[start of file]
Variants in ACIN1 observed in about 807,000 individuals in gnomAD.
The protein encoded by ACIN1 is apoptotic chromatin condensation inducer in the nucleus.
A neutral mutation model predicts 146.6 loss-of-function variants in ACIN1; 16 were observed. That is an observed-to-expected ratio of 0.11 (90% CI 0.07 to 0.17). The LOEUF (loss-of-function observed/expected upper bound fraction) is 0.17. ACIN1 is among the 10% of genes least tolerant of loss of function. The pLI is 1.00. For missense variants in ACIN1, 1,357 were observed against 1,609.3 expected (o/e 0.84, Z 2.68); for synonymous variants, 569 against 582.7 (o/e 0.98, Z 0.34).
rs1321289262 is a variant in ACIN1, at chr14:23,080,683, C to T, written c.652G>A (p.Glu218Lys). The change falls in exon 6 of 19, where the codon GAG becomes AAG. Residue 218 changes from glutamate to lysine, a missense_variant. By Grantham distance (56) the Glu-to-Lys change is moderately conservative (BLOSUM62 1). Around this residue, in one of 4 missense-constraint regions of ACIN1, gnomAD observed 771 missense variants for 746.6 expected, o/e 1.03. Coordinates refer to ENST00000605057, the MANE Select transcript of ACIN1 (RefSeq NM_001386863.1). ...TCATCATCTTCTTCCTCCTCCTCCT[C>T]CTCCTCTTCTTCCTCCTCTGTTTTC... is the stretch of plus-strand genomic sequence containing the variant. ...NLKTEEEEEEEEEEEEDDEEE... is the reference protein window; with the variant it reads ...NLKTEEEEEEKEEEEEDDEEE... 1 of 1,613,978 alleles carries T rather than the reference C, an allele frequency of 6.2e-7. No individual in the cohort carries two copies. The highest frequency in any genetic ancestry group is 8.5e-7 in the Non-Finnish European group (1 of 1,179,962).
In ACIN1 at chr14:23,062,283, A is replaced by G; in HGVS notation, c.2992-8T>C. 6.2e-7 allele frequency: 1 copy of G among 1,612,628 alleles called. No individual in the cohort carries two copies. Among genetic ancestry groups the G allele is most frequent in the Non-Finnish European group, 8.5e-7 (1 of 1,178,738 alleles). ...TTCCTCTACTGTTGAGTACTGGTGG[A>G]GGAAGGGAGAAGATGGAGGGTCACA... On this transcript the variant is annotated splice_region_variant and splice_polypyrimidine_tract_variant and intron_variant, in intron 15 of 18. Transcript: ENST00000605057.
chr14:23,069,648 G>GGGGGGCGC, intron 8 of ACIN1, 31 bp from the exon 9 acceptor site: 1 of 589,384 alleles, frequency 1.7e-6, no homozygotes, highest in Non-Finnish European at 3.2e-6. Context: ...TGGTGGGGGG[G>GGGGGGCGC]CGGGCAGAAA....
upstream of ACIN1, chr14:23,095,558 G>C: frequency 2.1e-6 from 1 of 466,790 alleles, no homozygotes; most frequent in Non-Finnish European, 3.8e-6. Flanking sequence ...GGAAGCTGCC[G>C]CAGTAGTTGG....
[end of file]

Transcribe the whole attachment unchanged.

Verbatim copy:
Variants in ACIN1 observed in about 807,000 individuals in gnomAD.
The protein encoded by ACIN1 is apoptotic chromatin condensation inducer in the nucleus.
A neutral mutation model predicts 146.6 loss-of-function variants in ACIN1; 16 were observed. That is an observed-to-expected ratio of 0.11 (90% CI 0.07 to 0.17). The LOEUF (loss-of-function observed/expected upper bound fraction) is 0.17. ACIN1 is among the 10% of genes least tolerant of loss of function. The pLI is 1.00. For missense variants in ACIN1, 1,357 were observed against 1,609.3 expected (o/e 0.84, Z 2.68); for synonymous variants, 569 against 582.7 (o/e 0.98, Z 0.34).
rs1321289262 is a variant in ACIN1, at chr14:23,080,683, C to T, written c.652G>A (p.Glu218Lys). The change falls in exon 6 of 19, where the codon GAG becomes AAG. Residue 218 changes from glutamate to lysine, a missense_variant. By Grantham distance (56) the Glu-to-Lys change is moderately conservative (BLOSUM62 1). Around this residue, in one of 4 missense-constraint regions of ACIN1, gnomAD observed 771 missense variants for 746.6 expected, o/e 1.03. Coordinates refer to ENST00000605057, the MANE Select transcript of ACIN1 (RefSeq NM_001386863.1). ...TCATCATCTTCTTCCTCCTCCTCCT[C>T]CTCCTCTTCTTCCTCCTCTGTTTTC... is the stretch of plus-strand genomic sequence containing the variant. ...NLKTEEEEEEEEEEEEDDEEE... is the reference protein window; with the variant it reads ...NLKTEEEEEEKEEEEEDDEEE... 1 of 1,613,978 alleles carries T rather than the reference C, an allele frequency of 6.2e-7. No individual in the cohort carries two copies. The highest frequency in any genetic ancestry group is 8.5e-7 in the Non-Finnish European group (1 of 1,179,962).
In ACIN1 at chr14:23,062,283, A is replaced by G; in HGVS notation, c.2992-8T>C. 6.2e-7 allele frequency: 1 copy of G among 1,612,628 alleles called. No individual in the cohort carries two copies. Among genetic ancestry groups the G allele is most frequent in the Non-Finnish European group, 8.5e-7 (1 of 1,178,738 alleles). ...TTCCTCTACTGTTGAGTACTGGTGG[A>G]GGAAGGGAGAAGATGGAGGGTCACA... On this transcript the variant is annotated splice_region_variant and splice_polypyrimidine_tract_variant and intron_variant, in intron 15 of 18. Transcript: ENST00000605057.
chr14:23,069,648 G>GGGGGGCGC, intron 8 of ACIN1, 31 bp from the exon 9 acceptor site: 1 of 589,384 alleles, frequency 1.7e-6, no homozygotes, highest in Non-Finnish European at 3.2e-6. Context: ...TGGTGGGGGG[G>GGGGGGCGC]CGGGCAGAAA....
upstream of ACIN1, chr14:23,095,558 G>C: frequency 2.1e-6 from 1 of 466,790 alleles, no homozygotes; most frequent in Non-Finnish European, 3.8e-6. Flanking sequence ...GGAAGCTGCC[G>C]CAGTAGTTGG....